From: Terje Slettebø (tslettebo_at_[hidden])
Date: 2002-10-14 05:52:45
>From: "Yitzhak Sapir" <yitzhaks_at_[hidden]>
>On Mon, 14 Oct 2002, [iso-8859-1] Terje Slettebø wrote:
>> >From: "David Abrahams" <dave_at_[hidden]>
>> >That aside, the implementation of reverse_iterator is clearly spelled
>> >out in the standard:
>> > [lib.reverse.iter.op++]
>> > 126.96.36.199.5 operator++
>> > reverse_iterator& operator++();
>> > 1 Effects: --current;
>> >So, Terje's argument holds water.
>> I think there might have been a mixup in the quoting here, as the
>> that operator--() is safe, because of the requirement that you can do
>> reverse_iterator(c.end()), was by Yitzhak, not me. Although I've come to
>> that I agree. :)
>I just asked the question, I didn't know the answer, and didn't provide it
>(although I had ideas).
Opps, right, it was Joe who had the argument.
>Anyway, now, if I write a bidirectional iterator,
>does a standard bidirectional iterator (ie, a bidirectional iterator as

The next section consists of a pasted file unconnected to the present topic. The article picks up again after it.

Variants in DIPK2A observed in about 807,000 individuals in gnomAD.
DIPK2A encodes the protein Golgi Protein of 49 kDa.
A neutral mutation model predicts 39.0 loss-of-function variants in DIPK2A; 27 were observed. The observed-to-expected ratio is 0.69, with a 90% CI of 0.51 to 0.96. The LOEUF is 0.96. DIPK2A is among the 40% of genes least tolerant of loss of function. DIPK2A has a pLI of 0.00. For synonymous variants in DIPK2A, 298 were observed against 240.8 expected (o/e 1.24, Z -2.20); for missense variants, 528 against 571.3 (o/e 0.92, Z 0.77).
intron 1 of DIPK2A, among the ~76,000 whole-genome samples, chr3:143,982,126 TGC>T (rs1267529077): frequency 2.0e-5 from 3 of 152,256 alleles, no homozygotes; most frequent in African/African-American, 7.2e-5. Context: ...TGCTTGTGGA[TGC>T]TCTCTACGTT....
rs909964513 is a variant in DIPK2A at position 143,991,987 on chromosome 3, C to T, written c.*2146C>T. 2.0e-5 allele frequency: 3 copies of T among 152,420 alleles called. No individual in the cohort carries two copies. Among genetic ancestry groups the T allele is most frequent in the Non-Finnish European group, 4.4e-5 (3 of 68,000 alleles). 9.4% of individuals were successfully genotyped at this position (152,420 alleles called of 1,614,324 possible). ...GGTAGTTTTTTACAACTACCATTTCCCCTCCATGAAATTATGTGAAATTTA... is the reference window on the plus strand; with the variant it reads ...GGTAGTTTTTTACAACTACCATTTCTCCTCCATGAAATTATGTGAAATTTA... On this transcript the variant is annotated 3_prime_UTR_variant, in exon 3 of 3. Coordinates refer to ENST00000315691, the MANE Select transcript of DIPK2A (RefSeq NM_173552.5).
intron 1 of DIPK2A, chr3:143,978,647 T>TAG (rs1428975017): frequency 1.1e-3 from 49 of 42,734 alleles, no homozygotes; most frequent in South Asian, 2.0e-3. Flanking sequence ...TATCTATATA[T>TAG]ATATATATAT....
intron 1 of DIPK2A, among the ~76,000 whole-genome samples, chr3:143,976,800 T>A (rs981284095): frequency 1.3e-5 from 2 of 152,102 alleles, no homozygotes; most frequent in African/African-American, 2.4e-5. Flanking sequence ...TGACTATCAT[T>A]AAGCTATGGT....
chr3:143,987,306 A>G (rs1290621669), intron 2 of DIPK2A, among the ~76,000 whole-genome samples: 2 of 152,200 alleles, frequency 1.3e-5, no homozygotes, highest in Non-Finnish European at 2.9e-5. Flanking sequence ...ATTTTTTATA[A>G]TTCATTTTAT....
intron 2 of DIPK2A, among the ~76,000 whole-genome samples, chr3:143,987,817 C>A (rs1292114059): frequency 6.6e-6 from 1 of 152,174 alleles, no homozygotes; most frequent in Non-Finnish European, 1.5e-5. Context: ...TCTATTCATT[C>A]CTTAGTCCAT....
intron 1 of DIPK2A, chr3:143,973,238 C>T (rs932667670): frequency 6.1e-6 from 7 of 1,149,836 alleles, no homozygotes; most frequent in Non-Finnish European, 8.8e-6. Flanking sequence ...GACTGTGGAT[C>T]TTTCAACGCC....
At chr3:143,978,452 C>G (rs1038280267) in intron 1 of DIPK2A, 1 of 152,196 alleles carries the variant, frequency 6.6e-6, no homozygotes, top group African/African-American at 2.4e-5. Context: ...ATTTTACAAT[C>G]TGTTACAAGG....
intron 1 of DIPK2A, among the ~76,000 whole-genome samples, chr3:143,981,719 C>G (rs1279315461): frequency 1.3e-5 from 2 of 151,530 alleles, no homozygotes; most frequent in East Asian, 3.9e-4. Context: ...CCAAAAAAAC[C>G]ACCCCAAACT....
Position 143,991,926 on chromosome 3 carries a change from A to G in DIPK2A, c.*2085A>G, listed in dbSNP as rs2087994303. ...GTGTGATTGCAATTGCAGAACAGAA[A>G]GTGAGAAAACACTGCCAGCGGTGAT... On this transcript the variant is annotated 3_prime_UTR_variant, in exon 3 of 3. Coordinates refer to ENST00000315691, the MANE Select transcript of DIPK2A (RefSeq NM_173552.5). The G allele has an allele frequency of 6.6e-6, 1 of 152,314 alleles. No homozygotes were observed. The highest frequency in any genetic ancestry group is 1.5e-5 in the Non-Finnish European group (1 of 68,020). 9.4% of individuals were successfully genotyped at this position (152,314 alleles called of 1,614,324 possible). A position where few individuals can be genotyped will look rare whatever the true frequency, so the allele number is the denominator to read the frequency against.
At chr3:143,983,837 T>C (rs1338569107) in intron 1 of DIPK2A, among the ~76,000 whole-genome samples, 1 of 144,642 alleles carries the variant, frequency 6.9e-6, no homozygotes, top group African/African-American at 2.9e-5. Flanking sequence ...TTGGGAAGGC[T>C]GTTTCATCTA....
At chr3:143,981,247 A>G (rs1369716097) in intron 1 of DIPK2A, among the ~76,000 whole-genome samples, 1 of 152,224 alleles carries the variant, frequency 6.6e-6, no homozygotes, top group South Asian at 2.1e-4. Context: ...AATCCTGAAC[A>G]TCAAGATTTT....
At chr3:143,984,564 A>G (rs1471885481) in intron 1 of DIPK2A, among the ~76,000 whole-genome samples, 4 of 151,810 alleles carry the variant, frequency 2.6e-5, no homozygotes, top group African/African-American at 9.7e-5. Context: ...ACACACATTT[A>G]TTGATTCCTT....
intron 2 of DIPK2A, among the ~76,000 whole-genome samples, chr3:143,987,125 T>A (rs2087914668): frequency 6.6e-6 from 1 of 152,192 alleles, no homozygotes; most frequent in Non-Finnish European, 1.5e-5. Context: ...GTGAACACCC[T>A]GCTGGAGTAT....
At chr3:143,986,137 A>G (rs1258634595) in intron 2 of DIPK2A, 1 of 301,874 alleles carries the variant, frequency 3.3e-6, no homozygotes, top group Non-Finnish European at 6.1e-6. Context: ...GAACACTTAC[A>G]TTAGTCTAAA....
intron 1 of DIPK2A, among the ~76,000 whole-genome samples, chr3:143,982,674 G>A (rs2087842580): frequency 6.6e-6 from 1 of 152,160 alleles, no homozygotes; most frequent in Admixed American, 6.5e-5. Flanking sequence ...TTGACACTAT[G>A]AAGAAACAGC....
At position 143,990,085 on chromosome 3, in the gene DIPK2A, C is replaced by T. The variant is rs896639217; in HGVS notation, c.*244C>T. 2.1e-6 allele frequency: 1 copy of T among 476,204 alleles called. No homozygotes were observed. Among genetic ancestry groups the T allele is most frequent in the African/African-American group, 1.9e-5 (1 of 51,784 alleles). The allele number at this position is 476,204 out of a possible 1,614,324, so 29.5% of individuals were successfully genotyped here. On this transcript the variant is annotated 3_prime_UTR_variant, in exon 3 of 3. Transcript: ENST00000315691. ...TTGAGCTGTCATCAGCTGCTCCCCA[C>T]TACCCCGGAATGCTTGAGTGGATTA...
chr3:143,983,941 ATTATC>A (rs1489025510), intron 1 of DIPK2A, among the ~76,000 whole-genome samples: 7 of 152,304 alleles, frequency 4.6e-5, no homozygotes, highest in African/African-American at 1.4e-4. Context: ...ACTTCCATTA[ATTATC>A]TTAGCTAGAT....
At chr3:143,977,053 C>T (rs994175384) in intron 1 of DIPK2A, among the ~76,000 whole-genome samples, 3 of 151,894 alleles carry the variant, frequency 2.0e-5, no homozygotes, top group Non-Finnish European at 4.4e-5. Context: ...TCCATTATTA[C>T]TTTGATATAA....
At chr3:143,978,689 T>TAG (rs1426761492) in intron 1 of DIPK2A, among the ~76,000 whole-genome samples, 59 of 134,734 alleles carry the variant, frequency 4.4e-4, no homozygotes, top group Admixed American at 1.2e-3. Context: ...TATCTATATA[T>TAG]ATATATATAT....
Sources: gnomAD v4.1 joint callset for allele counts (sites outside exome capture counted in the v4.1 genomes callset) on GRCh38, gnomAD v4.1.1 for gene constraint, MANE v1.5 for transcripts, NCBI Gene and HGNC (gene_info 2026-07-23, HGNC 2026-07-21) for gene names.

>defined by the standard) me to provide such an implementation such that,
>"if x == end(), and the sequence in question is non empty, --x provides a
>valid iterator to the element before the end"?
That's how I understand it, yes.
23/9 says, "If the iterator type of a container belongs to the bidirectional
or random access iterator categories (24.1), the container is called
reversible and satisfies the additional requirements in Table 66:"
Among them are:
"a.rbegin()", which should give the effect of "reverse_iterator(end())".
reverse_iterator() takes an iterator in the constructor, and its
operator++() definition is quoted above, by Dave.
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